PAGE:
I just realized, at lunch, that I've probably eaten with a "spoon", you know, the utensil, more in the past 30 months than in the past 30 years! Yeah, I ate a lot of jello, cereal, soup, etc. growing up, but really not that often.
When I think about it, I picture a "fork" when I think about eating in America and "Chopsticks" when I daydream about eating Japanese or Korean food. Before I came to Thailand, I just assumed that chopsticks would be the utensil of choice, but actually, people use spoons a lot here.
Soups, curries, rice dishes...all eaten mainly with a spoon. A fork is often used kinda like people use a knife in the states...you know, to slide food up onto the spoon. Pae actually uses the fork and spoon about equally, she's been doing it since birth...but when it comes to grabbing some utensils out of the dish rack, I always end up grabbing a fork and spoon for her and a lone spoon for myself.
I guess it was similar in Korea when I was there. The Koreans used to laugh at the Americans because we would go there and sit for a lunch or dinner on a Korean Army base or at a church member's home, and we would struggle to eat with chopsticks. Even the most expert chopstick usage would get grins and chuckles.
Why? Turns out that Koreans also use spoons a lot, they actually use the spoon to eat pretty much any rice dish, every stew, every soup...with chopsticks being used for side dishes, noodles, ramyun and meat buffets! So a wide, shallow, long handled spoon and thin metal chopsticks for pretty much every meal.
I don't even know the word for "fork" in Korean and I used to be very proficient in the language...just rarely had to ask for one, and when we did, we just popped out the Konglish "fo-ku". The Korean would generally look at the mangled looking metal chopsticks in our hand with a solitary piece of rice stuck to it, a plate still 90% full when everyone else's was almost empty, and a line of dropped kimchi and fish cake from the center of the table dish to your rice bowl, laugh and go searching for a "fo-ku". If I had 100 won for every time I dropped a pickled cucumber or a piece of curried potato on my white shirt in Korea...those needle-like chopsticks are for anorexics!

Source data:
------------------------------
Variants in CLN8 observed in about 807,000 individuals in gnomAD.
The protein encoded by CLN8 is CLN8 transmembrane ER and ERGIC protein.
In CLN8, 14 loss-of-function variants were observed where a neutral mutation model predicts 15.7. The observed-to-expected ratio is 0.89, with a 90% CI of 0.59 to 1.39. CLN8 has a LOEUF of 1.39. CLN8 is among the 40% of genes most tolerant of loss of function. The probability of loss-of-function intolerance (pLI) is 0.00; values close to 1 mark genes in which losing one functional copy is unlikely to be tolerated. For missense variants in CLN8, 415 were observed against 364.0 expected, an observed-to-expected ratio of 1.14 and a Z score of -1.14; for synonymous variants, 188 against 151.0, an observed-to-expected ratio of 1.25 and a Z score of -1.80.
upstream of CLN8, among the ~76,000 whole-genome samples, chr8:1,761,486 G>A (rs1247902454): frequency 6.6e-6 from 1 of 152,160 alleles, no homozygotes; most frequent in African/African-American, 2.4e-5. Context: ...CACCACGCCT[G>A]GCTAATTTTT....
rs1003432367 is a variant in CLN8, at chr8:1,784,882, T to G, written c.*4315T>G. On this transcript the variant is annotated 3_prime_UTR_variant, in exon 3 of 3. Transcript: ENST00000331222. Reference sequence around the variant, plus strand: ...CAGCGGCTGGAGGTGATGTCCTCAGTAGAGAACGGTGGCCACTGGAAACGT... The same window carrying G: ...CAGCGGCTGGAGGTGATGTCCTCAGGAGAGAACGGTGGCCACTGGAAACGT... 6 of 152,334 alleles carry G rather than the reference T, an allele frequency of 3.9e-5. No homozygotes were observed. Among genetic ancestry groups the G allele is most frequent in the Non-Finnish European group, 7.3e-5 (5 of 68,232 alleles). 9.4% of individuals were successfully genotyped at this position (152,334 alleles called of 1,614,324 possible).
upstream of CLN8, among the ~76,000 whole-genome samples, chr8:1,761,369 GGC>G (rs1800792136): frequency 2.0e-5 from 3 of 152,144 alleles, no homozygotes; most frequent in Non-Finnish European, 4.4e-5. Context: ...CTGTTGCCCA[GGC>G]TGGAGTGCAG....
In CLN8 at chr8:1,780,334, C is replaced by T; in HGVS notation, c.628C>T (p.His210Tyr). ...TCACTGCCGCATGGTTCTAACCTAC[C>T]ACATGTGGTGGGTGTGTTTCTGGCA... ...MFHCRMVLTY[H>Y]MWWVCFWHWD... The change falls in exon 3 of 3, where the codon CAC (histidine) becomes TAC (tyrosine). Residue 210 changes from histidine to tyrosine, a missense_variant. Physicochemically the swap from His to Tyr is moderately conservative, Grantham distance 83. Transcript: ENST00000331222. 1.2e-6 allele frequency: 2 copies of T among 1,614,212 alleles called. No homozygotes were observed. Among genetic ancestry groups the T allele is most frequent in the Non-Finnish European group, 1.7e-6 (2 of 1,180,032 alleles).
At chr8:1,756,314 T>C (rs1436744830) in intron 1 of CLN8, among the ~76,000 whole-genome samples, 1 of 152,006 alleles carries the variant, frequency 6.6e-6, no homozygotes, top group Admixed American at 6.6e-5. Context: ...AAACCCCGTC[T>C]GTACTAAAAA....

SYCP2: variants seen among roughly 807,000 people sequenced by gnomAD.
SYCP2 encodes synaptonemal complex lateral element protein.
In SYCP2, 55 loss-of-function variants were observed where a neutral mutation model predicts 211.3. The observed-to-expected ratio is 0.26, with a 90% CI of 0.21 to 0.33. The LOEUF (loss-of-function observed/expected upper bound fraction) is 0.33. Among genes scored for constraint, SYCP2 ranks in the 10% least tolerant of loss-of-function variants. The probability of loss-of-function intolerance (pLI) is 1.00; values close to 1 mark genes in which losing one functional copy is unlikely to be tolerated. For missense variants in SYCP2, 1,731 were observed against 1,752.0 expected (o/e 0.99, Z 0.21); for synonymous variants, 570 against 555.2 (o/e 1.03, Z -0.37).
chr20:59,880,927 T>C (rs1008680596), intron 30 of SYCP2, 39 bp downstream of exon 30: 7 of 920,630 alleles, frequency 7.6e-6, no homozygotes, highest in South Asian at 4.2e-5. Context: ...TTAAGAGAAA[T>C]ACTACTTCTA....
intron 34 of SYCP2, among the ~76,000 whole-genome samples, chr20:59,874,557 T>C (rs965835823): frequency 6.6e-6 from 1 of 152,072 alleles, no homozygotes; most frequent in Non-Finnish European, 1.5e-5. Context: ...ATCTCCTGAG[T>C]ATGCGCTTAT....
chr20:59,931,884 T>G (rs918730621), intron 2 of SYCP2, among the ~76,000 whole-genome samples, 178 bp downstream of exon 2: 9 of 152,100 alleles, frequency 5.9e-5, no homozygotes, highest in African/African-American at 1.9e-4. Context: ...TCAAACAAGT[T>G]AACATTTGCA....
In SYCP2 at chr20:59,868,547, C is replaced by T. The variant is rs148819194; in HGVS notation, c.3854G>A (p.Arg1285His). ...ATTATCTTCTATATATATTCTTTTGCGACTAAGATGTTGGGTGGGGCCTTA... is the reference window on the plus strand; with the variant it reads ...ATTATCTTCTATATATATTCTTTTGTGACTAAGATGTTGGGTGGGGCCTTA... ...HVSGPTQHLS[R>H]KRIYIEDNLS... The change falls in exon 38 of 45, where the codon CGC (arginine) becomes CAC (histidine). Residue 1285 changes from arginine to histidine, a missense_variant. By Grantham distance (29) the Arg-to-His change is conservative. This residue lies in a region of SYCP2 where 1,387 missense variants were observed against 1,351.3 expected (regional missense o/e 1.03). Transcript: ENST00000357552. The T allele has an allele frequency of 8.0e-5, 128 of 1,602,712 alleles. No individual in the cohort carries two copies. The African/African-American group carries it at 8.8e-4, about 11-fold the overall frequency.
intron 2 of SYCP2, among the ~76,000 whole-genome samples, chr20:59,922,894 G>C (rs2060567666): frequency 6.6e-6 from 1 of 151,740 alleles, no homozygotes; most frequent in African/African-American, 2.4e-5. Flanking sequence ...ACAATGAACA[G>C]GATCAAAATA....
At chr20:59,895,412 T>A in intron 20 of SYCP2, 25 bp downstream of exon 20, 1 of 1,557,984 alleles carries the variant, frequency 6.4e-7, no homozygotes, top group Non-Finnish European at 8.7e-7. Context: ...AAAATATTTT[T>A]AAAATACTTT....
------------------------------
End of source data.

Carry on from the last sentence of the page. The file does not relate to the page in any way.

Forks aren't that hard to find here in Thailand, they're actually a part of most meals. It's just that I rarely need to use them. I've become a spoon man!
Thai's use them in tandem to separate the parts of dishes that aren't eaten, to scoop with, and of course to eat different parts of the meal. So much do they use them both at the same time, spoon in the left hand, fork in the right, that I don't imagine that the "spork" ever took here. Here you would actually need one of each rather than both combined.
A slightly related tangent to end this entry...I so rarely used spoons in America that when I moved back to Utah from Hawaii in the late 90's I always heard my little sisters talking about so-and-so "spooning" so-and-so and I always pictured it as being something bad...
Not a spoon man at the time, I analyzed the term and related it to the word "fork". Then I tried to slangify "fork" and make it a verb and all I could come up with was "forking". No joke. Then I replaced "spooning" with "forking" in the same context.
"We were spooning, watching COPS when his parents walked in" became "We were forking, watching COPS when his parents walked in". So, honest story, this is why I thought "spooning" was a bad thing. I believe I finally asked Naomi or one of those lovely spooner sisters of mine what it meant and they explained it to me. Then, you know, the image of spoons in the silverware drawer finally clicked in my brain and it all finally made sense to me.
All I can do is laugh about having my sister, 10 years my junior, explain "life" to me!
Pretty "forking" funny if you ask me!
Love to you all.
Spring Break at the Rigg River Ranch (April 2014)
7 months ago